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Thursday, 30 June 2005 10:45
BNN: British Nursing News Online · www.bnn-online.co.uk
Ambulance response times to increase
Government plans to increase the minimum response time for ambulances attending potentially fatal emergencies have been attacked by health officials for endangering the lives of patients, the Daily Mail has reported.

Current guidelines state that ambulances should reach 95 per cent of potentially fatal Category A cases within 14 minutes of receiving a 999 call in cities and within 19 minutes in rural areas.

But a government inquiry has recommended that this response time be extended to 27 minutes in all areas, with a first aid expert arriving by car or motorbike within eight minutes.

Ray Carrick of the Ambulance service union said there was concern within the health service over the suitability of first-aiders as ambulance substitutes.

"27 minutes for ambulances to reach Category A patients is appalling," he said.

"At the moment, even when you are sending a lay responder you are also mobilising an ambulance. The first responder is there to cover until the ambulance arrives.

"To think that a lay responder is deciding whether or not an ambulance should even be called and delaying that call-out by eight minutes is unbelievable."

The Department of Health insisted that "the majority" of Category A calls would be answered by a fully-equipped ambulance.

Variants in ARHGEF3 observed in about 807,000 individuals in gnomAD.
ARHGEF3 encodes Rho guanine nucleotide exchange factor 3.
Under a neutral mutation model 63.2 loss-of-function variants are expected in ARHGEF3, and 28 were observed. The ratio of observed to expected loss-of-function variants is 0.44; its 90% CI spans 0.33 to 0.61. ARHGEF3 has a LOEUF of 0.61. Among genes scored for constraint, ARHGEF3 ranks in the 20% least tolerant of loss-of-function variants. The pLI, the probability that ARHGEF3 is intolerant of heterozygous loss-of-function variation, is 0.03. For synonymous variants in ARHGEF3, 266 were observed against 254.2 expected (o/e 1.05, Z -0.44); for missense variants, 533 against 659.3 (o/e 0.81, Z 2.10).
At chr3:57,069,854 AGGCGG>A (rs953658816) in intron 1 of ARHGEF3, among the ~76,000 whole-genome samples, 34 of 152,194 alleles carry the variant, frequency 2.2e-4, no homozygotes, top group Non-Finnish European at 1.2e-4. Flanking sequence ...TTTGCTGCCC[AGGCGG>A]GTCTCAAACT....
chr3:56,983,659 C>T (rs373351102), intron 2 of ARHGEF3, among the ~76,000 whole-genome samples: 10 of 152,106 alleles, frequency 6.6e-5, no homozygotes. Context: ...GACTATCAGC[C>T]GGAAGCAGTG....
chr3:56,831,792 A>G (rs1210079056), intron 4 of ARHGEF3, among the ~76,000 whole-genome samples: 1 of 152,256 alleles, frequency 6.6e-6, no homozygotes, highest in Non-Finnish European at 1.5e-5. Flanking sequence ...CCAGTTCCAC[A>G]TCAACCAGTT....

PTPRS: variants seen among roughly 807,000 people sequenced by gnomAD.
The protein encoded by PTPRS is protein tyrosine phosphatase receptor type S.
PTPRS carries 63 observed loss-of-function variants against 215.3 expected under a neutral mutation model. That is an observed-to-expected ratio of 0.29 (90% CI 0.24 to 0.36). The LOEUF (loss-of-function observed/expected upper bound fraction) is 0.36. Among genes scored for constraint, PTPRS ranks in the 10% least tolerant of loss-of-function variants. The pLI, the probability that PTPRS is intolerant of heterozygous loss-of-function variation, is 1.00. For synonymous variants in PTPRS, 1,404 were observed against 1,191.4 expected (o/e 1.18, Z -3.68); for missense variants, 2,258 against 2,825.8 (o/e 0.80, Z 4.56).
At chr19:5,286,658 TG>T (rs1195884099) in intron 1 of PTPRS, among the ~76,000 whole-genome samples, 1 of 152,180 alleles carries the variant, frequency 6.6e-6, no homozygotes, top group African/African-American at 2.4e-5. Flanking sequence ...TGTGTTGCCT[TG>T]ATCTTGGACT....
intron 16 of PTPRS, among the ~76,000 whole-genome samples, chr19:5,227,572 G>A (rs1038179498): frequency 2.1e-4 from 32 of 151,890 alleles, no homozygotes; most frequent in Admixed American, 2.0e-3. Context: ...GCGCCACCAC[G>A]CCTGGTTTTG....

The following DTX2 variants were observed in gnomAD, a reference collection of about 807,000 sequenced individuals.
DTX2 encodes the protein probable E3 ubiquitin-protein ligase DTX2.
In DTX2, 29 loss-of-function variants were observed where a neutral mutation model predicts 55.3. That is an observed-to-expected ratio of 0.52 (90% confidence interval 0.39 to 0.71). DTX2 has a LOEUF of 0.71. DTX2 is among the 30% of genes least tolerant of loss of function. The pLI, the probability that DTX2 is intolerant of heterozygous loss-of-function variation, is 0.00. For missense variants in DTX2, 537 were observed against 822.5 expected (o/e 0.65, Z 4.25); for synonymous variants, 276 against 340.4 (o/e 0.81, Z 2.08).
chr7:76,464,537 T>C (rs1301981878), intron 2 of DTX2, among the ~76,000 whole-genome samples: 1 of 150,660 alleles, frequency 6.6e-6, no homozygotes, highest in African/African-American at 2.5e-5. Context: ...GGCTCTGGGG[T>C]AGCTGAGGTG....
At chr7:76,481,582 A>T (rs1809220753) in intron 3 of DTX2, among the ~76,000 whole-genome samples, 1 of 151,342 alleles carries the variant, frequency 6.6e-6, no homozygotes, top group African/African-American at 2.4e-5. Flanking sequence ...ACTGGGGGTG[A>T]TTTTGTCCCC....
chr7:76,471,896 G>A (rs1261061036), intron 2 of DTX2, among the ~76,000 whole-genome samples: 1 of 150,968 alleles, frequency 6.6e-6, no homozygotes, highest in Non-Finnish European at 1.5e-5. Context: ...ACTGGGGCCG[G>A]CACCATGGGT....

A spokesman said: "In instances where the initial response is from a guy on a bike, these respondents will be fully equipped to stabilise a patient and apply first aid."

But Andrew Lansley, the shadow Health Minister, said: "Response to a life-threatening call must be by a fully-trained and fully-equipped professional - not someone on a motorbike - so they can stabilise the patient in the shortest possible time. We should be looking to maintain the response time, not dilute it."

And Michael Summers, chairman of the Parents Association, said: "The lay first-aider is not fully qualified to deal with the emergencies they may find. The fact that they are then the cause of further delay is disturbing.

"Equally disturbing is the 27-minute maximum response time. Heart attack patients need to have treatment provided to them in an ambulance with utmost speed.

"The longer it takes, the greater the chance they will not survive. Cutting corners does not work."

The changes follow a comprehensive review of the ambulance service by Peter Bradley, the national ambulance advisor.



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